Is implementation research out of step with implementation practice? Pathways to effective implementation support over the last decade

This is a guest post from Joann Cattlin, PhD Student, College of Global, Urban and Social Studies

RMIT University. Joann is reviewed the following article:

Metz, A., Jensen, T., Farley, A., & Boaz, A. (2022). Is implementation research out of step with implementation practice? Pathways to effective implementation support over the last decade. Implementation Research and Practice3, 26334895221105585.

Background: There is growing interest in the lived experience of professionals who provide implementation support (i.e. implementation support practitioners). However, there remains limited knowledge about their experiences and how those experiences can contribute to the knowledge base on what constitutes successful and sustainable implementation support models. This study aimed to examine pathways of implementation support practice, as described by experienced professionals actively supporting systems’ uptake and sustainment of evidence to benefit children and families.

Plain language summary:  Over the past few years, professionals in the field of implementation science have identified a growing gap between implementation research and implementation practice. While this issue has been highlighted informally, the field is lacking a shared understanding and clear way forward to reconcile this gap. In this paper, the authors describe how professionals providing implementation support have shifted their implementation practice over time through systematic observations of what works (and what does not work) for supporting and sustaining evidence use in service systems to improve population outcomes. The authors share the impressive leaps forward made in the field of implementation practice – from didactic training to responsive and tailored implementation strategies to co-created and relationship-based implementation solutions. The paper concludes with a call to action to the field for the creation of a virtuous learning cycle between professionals conducting implementation research and professionals providing implementation support to change practice as a way to produce a more robust and relevant science of implementation.

This paper reports on the lived experiences of implementation support practitioners (ISP) in the United States as they reflect on the changes in their practices over the last 15 years. The participants work in the field of child welfare within university implementation centres or non-profit intermediary organisations.  The data was collected through 17 semi structured interviews.

As a someone unfamiliar with the practices of implementation science in community organisations, this article provided useful introduction to key concepts as well as the work of implementation professionals. The study provides a window into the reflective practice of these experienced staff and the iterative development of their approaches in response to the needs of the communities and organisations they work with.

The reporting of data and analysis is well organised and is represented in framework that identifies how their practices align with implementation science practices.  This framework provides a useful point of reference throughout the article for locating and comparing the experiences of individual participants. The authors reflect several times on experiences that do not neatly fit into the framework. While it is not suggested in the article, this framework could serve as a framework for capability development or training resources for implementation professionals.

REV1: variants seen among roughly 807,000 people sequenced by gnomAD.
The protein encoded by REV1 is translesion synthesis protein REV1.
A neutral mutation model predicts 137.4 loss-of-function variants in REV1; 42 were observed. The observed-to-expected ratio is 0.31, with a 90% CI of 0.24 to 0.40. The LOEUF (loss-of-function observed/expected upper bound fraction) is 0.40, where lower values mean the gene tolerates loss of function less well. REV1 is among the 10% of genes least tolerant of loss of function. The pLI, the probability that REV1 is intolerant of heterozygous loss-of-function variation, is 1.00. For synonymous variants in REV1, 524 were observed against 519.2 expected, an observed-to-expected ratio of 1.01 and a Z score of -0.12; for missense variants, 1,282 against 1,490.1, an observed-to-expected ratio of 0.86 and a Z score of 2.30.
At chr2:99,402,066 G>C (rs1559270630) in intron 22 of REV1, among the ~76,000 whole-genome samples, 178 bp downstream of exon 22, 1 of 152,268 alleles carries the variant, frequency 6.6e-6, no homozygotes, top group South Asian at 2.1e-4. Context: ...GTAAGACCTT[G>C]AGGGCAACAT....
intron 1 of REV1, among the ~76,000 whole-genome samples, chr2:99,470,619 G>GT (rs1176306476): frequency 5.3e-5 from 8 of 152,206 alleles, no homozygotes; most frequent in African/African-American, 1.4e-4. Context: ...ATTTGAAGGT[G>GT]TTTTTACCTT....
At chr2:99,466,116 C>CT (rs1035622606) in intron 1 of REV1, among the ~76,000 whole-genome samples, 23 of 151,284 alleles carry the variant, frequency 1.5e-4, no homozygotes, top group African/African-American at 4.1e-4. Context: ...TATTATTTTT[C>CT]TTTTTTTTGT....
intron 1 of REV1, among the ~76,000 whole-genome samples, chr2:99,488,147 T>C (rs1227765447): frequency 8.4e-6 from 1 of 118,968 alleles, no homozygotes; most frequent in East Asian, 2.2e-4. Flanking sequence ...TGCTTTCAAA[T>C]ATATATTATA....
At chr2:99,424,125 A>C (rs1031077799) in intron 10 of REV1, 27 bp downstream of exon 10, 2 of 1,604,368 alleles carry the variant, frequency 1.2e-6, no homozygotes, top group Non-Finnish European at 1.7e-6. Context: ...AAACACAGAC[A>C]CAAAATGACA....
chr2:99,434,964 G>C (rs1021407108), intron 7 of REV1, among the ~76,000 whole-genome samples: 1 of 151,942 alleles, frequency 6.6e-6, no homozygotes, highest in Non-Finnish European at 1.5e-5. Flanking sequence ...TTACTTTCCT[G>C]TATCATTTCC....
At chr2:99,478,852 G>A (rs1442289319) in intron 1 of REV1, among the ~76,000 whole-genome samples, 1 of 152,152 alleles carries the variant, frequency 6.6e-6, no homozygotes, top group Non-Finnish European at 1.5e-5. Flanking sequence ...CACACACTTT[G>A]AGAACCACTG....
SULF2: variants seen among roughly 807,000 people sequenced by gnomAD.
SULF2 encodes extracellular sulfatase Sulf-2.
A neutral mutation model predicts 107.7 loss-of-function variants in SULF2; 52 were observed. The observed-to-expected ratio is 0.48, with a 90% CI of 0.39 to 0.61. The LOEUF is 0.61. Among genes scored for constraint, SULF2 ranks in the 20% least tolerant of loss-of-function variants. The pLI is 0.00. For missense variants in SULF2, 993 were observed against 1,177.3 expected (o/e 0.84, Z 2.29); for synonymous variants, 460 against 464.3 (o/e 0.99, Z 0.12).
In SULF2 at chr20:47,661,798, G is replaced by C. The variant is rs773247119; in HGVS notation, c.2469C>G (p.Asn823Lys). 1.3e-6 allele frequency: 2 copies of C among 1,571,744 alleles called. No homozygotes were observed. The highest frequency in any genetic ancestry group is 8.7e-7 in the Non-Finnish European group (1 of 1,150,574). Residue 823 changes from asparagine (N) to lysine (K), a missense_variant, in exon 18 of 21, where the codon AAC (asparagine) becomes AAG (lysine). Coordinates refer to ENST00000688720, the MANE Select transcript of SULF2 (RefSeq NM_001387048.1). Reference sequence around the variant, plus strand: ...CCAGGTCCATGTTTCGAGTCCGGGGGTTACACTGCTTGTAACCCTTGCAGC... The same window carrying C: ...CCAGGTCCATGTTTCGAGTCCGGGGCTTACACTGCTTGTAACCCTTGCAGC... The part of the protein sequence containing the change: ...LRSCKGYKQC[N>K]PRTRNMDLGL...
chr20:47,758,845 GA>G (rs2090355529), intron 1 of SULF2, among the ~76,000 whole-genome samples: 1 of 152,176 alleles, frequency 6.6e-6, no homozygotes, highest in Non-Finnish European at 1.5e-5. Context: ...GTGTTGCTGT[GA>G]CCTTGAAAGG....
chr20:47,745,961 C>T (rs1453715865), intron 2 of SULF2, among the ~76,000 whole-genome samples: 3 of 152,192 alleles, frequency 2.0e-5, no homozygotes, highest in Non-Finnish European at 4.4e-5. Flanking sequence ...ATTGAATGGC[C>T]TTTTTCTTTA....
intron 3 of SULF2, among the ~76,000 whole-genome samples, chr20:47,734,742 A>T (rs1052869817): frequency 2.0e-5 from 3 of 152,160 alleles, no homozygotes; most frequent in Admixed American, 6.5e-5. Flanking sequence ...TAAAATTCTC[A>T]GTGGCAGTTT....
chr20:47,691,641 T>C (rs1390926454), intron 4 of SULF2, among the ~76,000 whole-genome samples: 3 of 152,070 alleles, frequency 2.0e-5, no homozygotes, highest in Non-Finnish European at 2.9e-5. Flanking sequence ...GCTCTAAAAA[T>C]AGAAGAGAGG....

The results of the study indicate that these professionals evolved their practices in response to the needs of the community and the practices that proved most effective. They took a critical and reflective approach to implementing certain practices, such as scaling up of practices through training programs.  The key findings from the study were:

  1. Implementation support professionals have evolved their roles based on their experience, evolving knowledge about implementation practice and evaluation of the outcomes of these practices.
  2. The main implementation support approaches were push, push/pull and co-creation.
  3. Implementation support professionals demonstrated a range of technical skills, such as using data and conducting improvement cycles, as well as interpersonal skills, such as relationship building, which could inform development of capacity building programs.

The authors conclude that Implementation science research may be out of step with implementation practice and recommend more systematic study of the experiences of implementation professionals through a virtuous learning cycle.

Questions for brokers:

  1. This research focused on implementation professionals in the US – do the findings ring true for other sectors and countries? Are they transferable across sectors and countries?
  2. How can implementation science research tap into the experiences and learnings of implementation professionals more effectively?
  3. Implementation science needs to improve its approach to implementation – what are the barriers and challenges?

Research Impact Canada is producing this journal club series to make evidence on KMb more accessible to knowledge brokers and to create online discussion about research on knowledge mobilization. It is designed for knowledge brokers and other knowledge mobilization stakeholders. Read this open access article. Then come back to this post and join the journal club by posting your comments